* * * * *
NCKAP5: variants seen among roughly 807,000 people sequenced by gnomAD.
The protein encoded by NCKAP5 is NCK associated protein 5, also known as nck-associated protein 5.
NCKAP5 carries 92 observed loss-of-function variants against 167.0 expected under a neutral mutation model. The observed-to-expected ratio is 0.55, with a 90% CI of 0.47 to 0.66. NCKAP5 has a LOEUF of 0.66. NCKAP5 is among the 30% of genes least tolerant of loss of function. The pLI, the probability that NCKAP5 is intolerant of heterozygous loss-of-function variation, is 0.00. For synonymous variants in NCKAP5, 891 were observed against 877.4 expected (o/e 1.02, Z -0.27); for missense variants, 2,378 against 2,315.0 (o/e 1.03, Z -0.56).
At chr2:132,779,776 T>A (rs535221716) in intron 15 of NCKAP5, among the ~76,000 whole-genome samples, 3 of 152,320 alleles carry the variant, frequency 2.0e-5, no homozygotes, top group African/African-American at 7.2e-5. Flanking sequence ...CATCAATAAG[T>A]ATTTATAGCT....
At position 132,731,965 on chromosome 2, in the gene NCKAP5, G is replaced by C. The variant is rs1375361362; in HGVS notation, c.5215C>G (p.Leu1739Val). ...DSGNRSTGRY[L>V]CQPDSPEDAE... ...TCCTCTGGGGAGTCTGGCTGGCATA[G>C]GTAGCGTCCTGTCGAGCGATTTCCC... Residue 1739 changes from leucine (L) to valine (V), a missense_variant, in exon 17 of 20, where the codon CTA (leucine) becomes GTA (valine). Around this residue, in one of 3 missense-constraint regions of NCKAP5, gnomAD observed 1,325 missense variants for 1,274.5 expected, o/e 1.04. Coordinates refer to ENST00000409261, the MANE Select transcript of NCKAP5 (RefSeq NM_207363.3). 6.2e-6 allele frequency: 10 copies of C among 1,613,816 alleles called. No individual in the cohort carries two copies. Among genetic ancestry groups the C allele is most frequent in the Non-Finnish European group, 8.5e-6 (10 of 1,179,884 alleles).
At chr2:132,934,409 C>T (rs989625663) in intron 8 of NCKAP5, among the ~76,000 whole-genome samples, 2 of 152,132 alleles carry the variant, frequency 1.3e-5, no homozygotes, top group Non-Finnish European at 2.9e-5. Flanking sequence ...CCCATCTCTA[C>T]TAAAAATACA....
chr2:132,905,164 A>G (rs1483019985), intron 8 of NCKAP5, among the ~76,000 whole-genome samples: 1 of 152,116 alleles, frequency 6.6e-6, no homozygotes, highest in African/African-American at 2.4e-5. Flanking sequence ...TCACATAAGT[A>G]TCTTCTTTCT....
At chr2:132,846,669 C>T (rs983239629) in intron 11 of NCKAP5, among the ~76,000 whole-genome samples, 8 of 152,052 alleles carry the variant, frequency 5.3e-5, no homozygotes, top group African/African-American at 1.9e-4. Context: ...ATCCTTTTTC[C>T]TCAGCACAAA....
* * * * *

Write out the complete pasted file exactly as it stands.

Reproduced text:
NCKAP5: variants seen among roughly 807,000 people sequenced by gnomAD.
The protein encoded by NCKAP5 is NCK associated protein 5, also known as nck-associated protein 5.
NCKAP5 carries 92 observed loss-of-function variants against 167.0 expected under a neutral mutation model. The observed-to-expected ratio is 0.55, with a 90% CI of 0.47 to 0.66. NCKAP5 has a LOEUF of 0.66. NCKAP5 is among the 30% of genes least tolerant of loss of function. The pLI, the probability that NCKAP5 is intolerant of heterozygous loss-of-function variation, is 0.00. For synonymous variants in NCKAP5, 891 were observed against 877.4 expected (o/e 1.02, Z -0.27); for missense variants, 2,378 against 2,315.0 (o/e 1.03, Z -0.56).
At chr2:132,779,776 T>A (rs535221716) in intron 15 of NCKAP5, among the ~76,000 whole-genome samples, 3 of 152,320 alleles carry the variant, frequency 2.0e-5, no homozygotes, top group African/African-American at 7.2e-5. Flanking sequence ...CATCAATAAG[T>A]ATTTATAGCT....
At position 132,731,965 on chromosome 2, in the gene NCKAP5, G is replaced by C. The variant is rs1375361362; in HGVS notation, c.5215C>G (p.Leu1739Val). ...DSGNRSTGRY[L>V]CQPDSPEDAE... ...TCCTCTGGGGAGTCTGGCTGGCATA[G>C]GTAGCGTCCTGTCGAGCGATTTCCC... Residue 1739 changes from leucine (L) to valine (V), a missense_variant, in exon 17 of 20, where the codon CTA (leucine) becomes GTA (valine). Around this residue, in one of 3 missense-constraint regions of NCKAP5, gnomAD observed 1,325 missense variants for 1,274.5 expected, o/e 1.04. Coordinates refer to ENST00000409261, the MANE Select transcript of NCKAP5 (RefSeq NM_207363.3). 6.2e-6 allele frequency: 10 copies of C among 1,613,816 alleles called. No individual in the cohort carries two copies. Among genetic ancestry groups the C allele is most frequent in the Non-Finnish European group, 8.5e-6 (10 of 1,179,884 alleles).
At chr2:132,934,409 C>T (rs989625663) in intron 8 of NCKAP5, among the ~76,000 whole-genome samples, 2 of 152,132 alleles carry the variant, frequency 1.3e-5, no homozygotes, top group Non-Finnish European at 2.9e-5. Flanking sequence ...CCCATCTCTA[C>T]TAAAAATACA....
chr2:132,905,164 A>G (rs1483019985), intron 8 of NCKAP5, among the ~76,000 whole-genome samples: 1 of 152,116 alleles, frequency 6.6e-6, no homozygotes, highest in African/African-American at 2.4e-5. Flanking sequence ...TCACATAAGT[A>G]TCTTCTTTCT....
At chr2:132,846,669 C>T (rs983239629) in intron 11 of NCKAP5, among the ~76,000 whole-genome samples, 8 of 152,052 alleles carry the variant, frequency 5.3e-5, no homozygotes, top group African/African-American at 1.9e-4. Context: ...ATCCTTTTTC[C>T]TCAGCACAAA....